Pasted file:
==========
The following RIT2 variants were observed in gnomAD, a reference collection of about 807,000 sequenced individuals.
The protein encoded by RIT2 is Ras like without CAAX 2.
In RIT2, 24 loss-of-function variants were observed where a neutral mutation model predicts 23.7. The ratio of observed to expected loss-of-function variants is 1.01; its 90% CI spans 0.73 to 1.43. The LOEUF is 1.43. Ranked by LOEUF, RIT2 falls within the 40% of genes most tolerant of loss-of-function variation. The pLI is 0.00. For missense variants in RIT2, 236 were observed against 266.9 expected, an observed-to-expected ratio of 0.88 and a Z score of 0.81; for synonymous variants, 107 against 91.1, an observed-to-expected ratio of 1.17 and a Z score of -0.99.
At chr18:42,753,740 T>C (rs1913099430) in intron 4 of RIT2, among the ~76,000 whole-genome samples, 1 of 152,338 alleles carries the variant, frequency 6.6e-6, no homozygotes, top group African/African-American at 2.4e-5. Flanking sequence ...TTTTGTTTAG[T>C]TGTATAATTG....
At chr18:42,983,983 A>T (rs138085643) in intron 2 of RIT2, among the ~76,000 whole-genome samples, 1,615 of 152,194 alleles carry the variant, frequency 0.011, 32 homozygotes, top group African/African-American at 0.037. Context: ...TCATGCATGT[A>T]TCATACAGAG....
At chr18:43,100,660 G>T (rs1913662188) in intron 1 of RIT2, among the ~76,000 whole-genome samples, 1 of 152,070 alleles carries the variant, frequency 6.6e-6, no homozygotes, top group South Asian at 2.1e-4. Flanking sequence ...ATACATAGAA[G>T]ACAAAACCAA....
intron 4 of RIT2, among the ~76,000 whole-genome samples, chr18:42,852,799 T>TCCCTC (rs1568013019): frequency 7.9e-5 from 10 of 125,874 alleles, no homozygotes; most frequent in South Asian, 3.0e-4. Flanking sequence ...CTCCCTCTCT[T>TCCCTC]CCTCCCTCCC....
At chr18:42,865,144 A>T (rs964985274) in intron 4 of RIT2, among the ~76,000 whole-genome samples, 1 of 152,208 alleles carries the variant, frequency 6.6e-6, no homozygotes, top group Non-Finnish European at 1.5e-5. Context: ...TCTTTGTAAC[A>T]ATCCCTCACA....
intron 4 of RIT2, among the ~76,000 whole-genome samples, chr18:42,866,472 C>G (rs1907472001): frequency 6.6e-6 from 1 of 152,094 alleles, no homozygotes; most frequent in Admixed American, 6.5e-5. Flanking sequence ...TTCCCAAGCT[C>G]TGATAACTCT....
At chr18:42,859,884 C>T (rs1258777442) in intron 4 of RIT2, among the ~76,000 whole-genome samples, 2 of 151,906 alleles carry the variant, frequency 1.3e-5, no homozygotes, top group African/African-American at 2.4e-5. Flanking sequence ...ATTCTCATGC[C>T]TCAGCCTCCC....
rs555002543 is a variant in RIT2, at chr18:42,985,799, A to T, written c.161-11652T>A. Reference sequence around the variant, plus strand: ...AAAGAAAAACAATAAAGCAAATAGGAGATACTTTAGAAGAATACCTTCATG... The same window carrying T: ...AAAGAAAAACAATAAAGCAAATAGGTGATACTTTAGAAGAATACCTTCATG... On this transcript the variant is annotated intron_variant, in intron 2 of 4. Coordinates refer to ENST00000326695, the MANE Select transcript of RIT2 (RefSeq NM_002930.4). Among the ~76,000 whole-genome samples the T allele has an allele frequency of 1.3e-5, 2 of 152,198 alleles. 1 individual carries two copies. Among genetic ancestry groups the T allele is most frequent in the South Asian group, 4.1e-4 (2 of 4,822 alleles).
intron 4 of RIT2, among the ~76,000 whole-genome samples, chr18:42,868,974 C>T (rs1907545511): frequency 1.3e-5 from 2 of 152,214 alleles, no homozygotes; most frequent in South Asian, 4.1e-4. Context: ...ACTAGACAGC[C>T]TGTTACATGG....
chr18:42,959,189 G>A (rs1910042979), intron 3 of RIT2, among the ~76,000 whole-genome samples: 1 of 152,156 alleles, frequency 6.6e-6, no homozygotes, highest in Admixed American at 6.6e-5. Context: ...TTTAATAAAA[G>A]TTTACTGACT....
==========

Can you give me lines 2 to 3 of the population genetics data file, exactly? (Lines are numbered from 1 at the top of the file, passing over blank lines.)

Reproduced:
The protein encoded by RIT2 is Ras like without CAAX 2.
In RIT2, 24 loss-of-function variants were observed where a neutral mutation model predicts 23.7. The ratio of observed to expected loss-of-function variants is 1.01; its 90% CI spans 0.73 to 1.43. The LOEUF is 1.43. Ranked by LOEUF, RIT2 falls within the 40% of genes most tolerant of loss-of-function variation. The pLI is 0.00. For missense variants in RIT2, 236 were observed against 266.9 expected, an observed-to-expected ratio of 0.88 and a Z score of 0.81; for synonymous variants, 107 against 91.1, an observed-to-expected ratio of 1.17 and a Z score of -0.99.